. from a fellow German.

Randy

NavySpaceFan
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posted 05-25-2008 05:03 PM     Click Here to See the Profile for NavySpaceFan   Click Here to Email NavySpaceFan     Edit/Delete Message   Reply w/Quote
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cosmos-walter
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posted 05-25-2008 05:39 PM     Click Here to See the Profile for cosmos-walter   Click Here to Email cosmos-walter     Edit/Delete Message   Reply w/Quote
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cddfspace
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posted 05-25-2008 06:22 PM     Click Here to See the Profile for cddfspace   Click Here to Email cddfspace     Edit/Delete Message   Reply w/Quote
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Delta7
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sikotic19
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posted 05-25-2008 08:09 PM     Click Here to See the Profile for sikotic19   Click Here to Email sikotic19     Edit/Delete Message   Reply w/Quote
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Joe Frasketi
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Jay Gallentine
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posted 05-25-2008 10:54 PM     Click Here to See the Profile for Jay Gallentine   Click Here to Email Jay Gallentine     Edit/Delete Message   Reply w/Quote
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cspg
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posted 05-25-2008 11:46 PM     Click Here to See the Profile for cspg   Click Here to Email cspg     Edit/Delete Message   Reply w/Quote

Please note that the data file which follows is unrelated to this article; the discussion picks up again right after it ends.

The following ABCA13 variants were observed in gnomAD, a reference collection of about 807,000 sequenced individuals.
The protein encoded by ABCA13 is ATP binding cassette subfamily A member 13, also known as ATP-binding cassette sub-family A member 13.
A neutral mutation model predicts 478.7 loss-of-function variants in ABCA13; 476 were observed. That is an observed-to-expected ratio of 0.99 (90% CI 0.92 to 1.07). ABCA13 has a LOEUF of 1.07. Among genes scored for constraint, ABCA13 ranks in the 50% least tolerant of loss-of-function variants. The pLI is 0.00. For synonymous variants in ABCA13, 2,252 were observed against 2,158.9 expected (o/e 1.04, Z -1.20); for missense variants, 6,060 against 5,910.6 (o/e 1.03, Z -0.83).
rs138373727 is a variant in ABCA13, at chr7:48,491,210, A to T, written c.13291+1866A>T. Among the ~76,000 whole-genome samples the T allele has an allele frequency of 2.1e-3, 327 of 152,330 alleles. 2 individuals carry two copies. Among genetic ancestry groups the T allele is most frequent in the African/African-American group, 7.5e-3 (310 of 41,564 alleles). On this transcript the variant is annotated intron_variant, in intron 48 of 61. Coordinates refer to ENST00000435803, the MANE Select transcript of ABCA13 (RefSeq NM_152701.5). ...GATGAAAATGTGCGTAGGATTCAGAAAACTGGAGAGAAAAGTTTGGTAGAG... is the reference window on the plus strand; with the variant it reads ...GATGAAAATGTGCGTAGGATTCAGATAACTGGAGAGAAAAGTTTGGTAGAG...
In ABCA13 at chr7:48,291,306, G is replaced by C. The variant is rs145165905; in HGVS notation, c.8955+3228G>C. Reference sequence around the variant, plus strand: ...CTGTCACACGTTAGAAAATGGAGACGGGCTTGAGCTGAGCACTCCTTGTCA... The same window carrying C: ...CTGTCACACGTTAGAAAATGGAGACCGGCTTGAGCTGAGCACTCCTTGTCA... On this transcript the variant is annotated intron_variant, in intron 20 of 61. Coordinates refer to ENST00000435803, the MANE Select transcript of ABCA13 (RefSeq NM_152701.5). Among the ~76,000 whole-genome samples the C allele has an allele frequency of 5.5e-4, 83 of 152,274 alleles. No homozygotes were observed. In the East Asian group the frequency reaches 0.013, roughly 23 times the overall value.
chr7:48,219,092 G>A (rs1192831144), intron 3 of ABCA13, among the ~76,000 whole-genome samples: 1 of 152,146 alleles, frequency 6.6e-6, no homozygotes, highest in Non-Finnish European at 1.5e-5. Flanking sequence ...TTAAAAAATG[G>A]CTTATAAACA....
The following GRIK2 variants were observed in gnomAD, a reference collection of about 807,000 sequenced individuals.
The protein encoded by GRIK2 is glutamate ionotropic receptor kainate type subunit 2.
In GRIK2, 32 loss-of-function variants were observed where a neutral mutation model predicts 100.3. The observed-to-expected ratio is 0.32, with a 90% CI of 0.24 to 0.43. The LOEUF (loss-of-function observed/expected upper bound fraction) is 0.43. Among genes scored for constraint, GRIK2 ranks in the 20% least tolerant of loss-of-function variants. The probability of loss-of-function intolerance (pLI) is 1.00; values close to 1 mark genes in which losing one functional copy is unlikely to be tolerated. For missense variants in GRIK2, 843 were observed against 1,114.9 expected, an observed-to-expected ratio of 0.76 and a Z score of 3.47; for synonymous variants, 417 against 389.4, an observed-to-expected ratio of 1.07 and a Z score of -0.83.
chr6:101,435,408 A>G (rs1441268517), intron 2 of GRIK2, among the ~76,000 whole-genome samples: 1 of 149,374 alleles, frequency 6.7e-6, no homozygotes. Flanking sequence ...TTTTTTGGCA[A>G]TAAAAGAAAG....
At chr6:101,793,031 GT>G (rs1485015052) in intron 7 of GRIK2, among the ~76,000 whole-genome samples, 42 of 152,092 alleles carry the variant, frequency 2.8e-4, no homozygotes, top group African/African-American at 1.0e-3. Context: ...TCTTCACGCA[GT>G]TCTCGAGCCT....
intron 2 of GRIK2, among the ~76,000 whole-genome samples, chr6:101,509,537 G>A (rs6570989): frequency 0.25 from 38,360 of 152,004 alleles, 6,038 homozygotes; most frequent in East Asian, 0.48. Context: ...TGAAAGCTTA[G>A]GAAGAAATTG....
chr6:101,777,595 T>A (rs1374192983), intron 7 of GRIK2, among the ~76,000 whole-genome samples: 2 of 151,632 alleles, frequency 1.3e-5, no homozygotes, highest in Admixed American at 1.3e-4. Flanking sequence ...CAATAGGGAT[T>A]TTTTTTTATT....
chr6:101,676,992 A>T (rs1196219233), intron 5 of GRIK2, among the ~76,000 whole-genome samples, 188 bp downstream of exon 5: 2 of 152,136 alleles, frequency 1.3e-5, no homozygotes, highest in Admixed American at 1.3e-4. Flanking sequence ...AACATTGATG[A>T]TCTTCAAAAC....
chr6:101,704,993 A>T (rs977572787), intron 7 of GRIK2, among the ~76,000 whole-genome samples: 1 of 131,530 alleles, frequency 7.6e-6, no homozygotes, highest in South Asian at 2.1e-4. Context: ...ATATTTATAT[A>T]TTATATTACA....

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Rick Mulheirn
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posted 05-26-2008 04:38 AM     Click Here to See the Profile for Rick Mulheirn   Click Here to Email Rick Mulheirn     Edit/Delete Message   Reply w/Quote
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SPACEFACTS
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Robert Pearlman
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posted 05-26-2008 11:19 AM     Click Here to See the Profile for Robert Pearlman   Click Here to Email Robert Pearlman     Edit/Delete Message   Reply w/Quote
The Huntsville Times: Ernst Stuhlinger dies, was space age 'giant'
Stuhlinger was the No. 3 man on Dr. Wernher von Braun's famed rocket team, said Ed Buckbee, a former director of the U.S. Space & Rocket Center and also a public affairs officer for von Braun.

"He was behind von Braun and Eberhard Rees," Buckbee said. "He was the chief scientist and was also considered to be the ambassador of science for the team. It was a unique title von Braun gave him. He was the bridge between the scientific community and the von Braun team.

"We've lost a giant scientist."

Moonwalker1954
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posted 05-26-2008 11:33 AM     Click Here to See the Profile for Moonwalker1954   Click Here to Email Moonwalker1954     Edit/Delete Message   Reply w/Quote
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Philip
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posted 05-26-2008 11:39 AM     Click Here to See the Profile for Philip   Click Here to Email Philip     Edit/Delete Message   Reply w/Quote